The Defense Department doesn’t want to lose its irregular warfare edge, honed through more than a decade of conflict across the Middle East, even as it directs its armed forces to refocus on state-level adversaries.
Retaining the U.S. military’s hard-fought knowledge of counter-insurgency and counter-terrorism was a priority for former Defense Secretary Jim Mattis, who helped design a new national defense strategy in 2018 that prioritizes countering peer-level adversaries like China and Russia.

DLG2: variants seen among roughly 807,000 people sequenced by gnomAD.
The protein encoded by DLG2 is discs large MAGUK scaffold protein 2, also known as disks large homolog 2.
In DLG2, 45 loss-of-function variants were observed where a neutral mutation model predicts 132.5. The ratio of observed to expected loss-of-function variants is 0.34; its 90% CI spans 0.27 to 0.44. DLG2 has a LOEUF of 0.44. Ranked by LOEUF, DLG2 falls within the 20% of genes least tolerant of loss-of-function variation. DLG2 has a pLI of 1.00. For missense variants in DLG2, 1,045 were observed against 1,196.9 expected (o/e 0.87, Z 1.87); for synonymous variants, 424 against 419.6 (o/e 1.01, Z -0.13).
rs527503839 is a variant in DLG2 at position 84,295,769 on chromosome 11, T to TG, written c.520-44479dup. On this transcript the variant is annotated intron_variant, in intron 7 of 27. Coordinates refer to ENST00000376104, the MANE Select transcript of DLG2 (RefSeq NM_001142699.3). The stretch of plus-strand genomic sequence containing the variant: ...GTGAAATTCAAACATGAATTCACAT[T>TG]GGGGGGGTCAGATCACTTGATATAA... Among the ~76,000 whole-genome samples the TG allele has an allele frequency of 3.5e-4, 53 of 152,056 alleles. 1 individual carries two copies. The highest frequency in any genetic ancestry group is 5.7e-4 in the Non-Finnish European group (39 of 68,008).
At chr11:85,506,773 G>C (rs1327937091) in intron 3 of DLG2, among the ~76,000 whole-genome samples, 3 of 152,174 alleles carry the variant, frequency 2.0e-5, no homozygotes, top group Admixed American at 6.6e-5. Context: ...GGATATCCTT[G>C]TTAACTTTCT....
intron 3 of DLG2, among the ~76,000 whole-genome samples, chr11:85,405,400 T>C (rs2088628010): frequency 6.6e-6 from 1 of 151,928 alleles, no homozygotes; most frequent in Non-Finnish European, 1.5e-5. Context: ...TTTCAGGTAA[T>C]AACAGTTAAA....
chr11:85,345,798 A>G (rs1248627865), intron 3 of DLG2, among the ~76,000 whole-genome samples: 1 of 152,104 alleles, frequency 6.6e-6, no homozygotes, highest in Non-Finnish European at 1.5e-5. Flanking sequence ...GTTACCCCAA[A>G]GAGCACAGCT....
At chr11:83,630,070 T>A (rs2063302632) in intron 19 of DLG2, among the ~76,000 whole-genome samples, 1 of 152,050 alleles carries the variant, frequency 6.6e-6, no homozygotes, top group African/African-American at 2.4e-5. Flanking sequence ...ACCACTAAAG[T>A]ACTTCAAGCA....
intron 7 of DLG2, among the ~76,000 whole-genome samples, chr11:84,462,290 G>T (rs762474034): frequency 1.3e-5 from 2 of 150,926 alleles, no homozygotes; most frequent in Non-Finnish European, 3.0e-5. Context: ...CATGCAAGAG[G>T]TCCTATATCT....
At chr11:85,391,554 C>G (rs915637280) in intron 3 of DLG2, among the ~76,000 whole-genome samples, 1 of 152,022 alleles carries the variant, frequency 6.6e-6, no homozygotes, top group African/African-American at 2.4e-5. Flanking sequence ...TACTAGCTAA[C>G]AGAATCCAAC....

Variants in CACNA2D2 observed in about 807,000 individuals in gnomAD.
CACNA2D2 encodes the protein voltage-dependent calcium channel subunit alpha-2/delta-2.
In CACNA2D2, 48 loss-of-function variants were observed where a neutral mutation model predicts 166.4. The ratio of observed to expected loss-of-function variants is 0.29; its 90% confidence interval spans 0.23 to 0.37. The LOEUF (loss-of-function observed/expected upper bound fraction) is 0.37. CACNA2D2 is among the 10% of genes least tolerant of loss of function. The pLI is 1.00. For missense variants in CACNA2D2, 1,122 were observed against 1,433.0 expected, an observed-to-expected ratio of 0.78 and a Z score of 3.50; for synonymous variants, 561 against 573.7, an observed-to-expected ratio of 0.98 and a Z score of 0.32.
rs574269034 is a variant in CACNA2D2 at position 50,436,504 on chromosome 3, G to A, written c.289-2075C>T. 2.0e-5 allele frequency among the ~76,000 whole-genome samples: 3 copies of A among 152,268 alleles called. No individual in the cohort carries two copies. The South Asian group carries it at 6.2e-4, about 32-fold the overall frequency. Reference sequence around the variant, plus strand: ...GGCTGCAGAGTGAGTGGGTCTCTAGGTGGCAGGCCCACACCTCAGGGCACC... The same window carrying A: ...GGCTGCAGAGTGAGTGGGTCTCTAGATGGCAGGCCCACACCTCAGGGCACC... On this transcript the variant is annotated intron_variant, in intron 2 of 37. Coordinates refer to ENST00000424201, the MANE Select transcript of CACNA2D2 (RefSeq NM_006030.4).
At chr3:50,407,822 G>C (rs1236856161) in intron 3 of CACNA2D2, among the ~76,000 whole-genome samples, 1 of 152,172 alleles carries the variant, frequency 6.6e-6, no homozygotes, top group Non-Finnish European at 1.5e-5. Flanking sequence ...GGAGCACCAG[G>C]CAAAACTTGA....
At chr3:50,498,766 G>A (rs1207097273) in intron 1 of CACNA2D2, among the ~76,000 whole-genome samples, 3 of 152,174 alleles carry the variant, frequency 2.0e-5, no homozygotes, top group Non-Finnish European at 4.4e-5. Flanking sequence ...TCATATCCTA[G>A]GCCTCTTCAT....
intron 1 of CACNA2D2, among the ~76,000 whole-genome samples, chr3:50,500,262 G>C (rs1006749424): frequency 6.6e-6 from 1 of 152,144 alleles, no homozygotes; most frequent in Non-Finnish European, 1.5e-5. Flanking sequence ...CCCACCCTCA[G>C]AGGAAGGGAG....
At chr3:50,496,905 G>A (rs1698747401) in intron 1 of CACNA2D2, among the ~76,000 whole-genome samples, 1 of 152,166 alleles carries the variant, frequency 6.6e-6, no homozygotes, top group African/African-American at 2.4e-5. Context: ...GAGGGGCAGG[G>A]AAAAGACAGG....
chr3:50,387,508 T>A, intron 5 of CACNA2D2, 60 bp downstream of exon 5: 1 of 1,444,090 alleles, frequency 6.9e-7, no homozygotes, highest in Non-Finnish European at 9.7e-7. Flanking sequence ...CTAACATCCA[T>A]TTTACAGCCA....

“Sec. Mattis specifically wanted to end this boom-bust cycle in IW [irregular warfare] that we’ve all experienced,” Owen West, the assistant secretary of defense for special operations and low-intensity conflict, said at a defense industry symposium Tuesday.
The boom-bust cycle refers to the U.S. military’s preference for fighting traditional, high-end forces, rather than insurgents, according to Andrew Knaggs, the Pentagon’s deputy assistant secretary of defense for special operations and combating terrorism.